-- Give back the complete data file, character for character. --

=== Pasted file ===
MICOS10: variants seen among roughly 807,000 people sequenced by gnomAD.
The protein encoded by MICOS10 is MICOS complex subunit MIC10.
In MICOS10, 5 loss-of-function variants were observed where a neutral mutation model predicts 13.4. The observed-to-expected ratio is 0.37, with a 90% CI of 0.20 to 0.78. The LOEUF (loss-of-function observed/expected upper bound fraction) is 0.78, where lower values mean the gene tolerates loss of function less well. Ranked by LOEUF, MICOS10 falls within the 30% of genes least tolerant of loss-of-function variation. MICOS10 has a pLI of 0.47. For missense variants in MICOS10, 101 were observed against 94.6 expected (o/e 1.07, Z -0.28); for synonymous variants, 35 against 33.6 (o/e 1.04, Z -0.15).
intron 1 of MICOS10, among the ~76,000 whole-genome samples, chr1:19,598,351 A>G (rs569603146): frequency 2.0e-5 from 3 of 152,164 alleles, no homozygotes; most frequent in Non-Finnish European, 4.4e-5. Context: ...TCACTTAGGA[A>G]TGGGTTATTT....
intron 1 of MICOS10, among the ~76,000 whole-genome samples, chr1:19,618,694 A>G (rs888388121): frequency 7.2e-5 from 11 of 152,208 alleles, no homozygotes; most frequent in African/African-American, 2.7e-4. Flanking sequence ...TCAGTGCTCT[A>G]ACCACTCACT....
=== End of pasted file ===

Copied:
MICOS10: variants seen among roughly 807,000 people sequenced by gnomAD.
The protein encoded by MICOS10 is MICOS complex subunit MIC10.
In MICOS10, 5 loss-of-function variants were observed where a neutral mutation model predicts 13.4. The observed-to-expected ratio is 0.37, with a 90% CI of 0.20 to 0.78. The LOEUF (loss-of-function observed/expected upper bound fraction) is 0.78, where lower values mean the gene tolerates loss of function less well. Ranked by LOEUF, MICOS10 falls within the 30% of genes least tolerant of loss-of-function variation. MICOS10 has a pLI of 0.47. For missense variants in MICOS10, 101 were observed against 94.6 expected (o/e 1.07, Z -0.28); for synonymous variants, 35 against 33.6 (o/e 1.04, Z -0.15).
intron 1 of MICOS10, among the ~76,000 whole-genome samples, chr1:19,598,351 A>G (rs569603146): frequency 2.0e-5 from 3 of 152,164 alleles, no homozygotes; most frequent in Non-Finnish European, 4.4e-5. Context: ...TCACTTAGGA[A>G]TGGGTTATTT....
intron 1 of MICOS10, among the ~76,000 whole-genome samples, chr1:19,618,694 A>G (rs888388121): frequency 7.2e-5 from 11 of 152,208 alleles, no homozygotes; most frequent in African/African-American, 2.7e-4. Flanking sequence ...TCAGTGCTCT[A>G]ACCACTCACT....